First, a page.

• The inventors studied the cause of the abnormal shape of the through hole in the case that many through holes are formed in an alumina substrate. For example as shown in Fig. 1(b), such through hole 2 is expanded in a single direction to form an expanded part 3.
  • As the shape and size of the expanded part 3 was studied, it was considered as follows. Voids, derived from coarse pores left in a dense alumina sintered body, are connected to and integrated with a relatively fine through holes 2. Such kind of void is derived from the coarse pores having a size of 10 µm or larger.
  • Further, as to the cause of the tipping and cracks generated during the dicing, it was considered as follows. As the substrate is ground by abrasives for dicing to generate fine ground powder, which causes clogging in spaces between the abrasives to deteriorate the performance of the grinding. Usually, as the substrate is ground, old and worn abrasives present on a surface of the abrasive stones are removed at the same time, so that new abrasives appear on the surface, maintaining the performance of the grinding. It was, however, considered that the removal of the old abrasives would be prevented due to the clogging. By observing microstructure of a ground surface of the substrate, it was proved that glass portions contained in the substrate are soft and the glass portions are gradually ground by the abrasives to generate the fine ground powder. It was found that, on the other hand, alumina portions are ground and peeled along the grain boundaries and the peeled alumina grains become ground powder as such.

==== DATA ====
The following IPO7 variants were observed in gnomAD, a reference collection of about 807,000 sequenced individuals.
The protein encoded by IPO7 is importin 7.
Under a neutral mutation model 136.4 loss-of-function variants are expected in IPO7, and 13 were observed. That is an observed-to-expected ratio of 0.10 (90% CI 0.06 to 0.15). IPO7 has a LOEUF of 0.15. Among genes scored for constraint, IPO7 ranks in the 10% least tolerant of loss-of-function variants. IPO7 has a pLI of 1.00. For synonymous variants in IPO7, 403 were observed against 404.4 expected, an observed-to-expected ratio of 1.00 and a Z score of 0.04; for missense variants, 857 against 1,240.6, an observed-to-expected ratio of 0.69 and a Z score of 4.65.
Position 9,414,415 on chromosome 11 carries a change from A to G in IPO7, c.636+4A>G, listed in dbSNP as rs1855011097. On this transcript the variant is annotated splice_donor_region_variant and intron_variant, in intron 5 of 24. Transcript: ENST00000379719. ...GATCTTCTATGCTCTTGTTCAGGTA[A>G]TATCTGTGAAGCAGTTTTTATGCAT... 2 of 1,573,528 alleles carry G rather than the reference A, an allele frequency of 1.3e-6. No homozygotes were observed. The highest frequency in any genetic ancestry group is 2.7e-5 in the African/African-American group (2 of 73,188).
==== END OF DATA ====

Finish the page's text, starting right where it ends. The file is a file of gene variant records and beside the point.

• It was thus considered that the generation of the fine ground powder can be prevented by reducing the glass components contained in the substrate and by making the grain size of the alumina grains larger.
  • Based on the findings, the inventors further studied materials of a dense alumina sintered body. As many through electrodes are formed in the substrate, it is desirable to apply a high-purity alumina sintered body for realizing a high resistance. However, at the same time, by controlling the average grain size to 2 to 50 µm and the relative density to 99.5 percent or higher, it becomes possible to prevent the coarse pores having a size of 10 µm or larger, to prevent the abnormal shape of the through hole, to prevent the generation of the fine ground powder and to prevent the tipping and cracks during the dicing due to the clogging of the abrasives. The present invention was made based on these findings.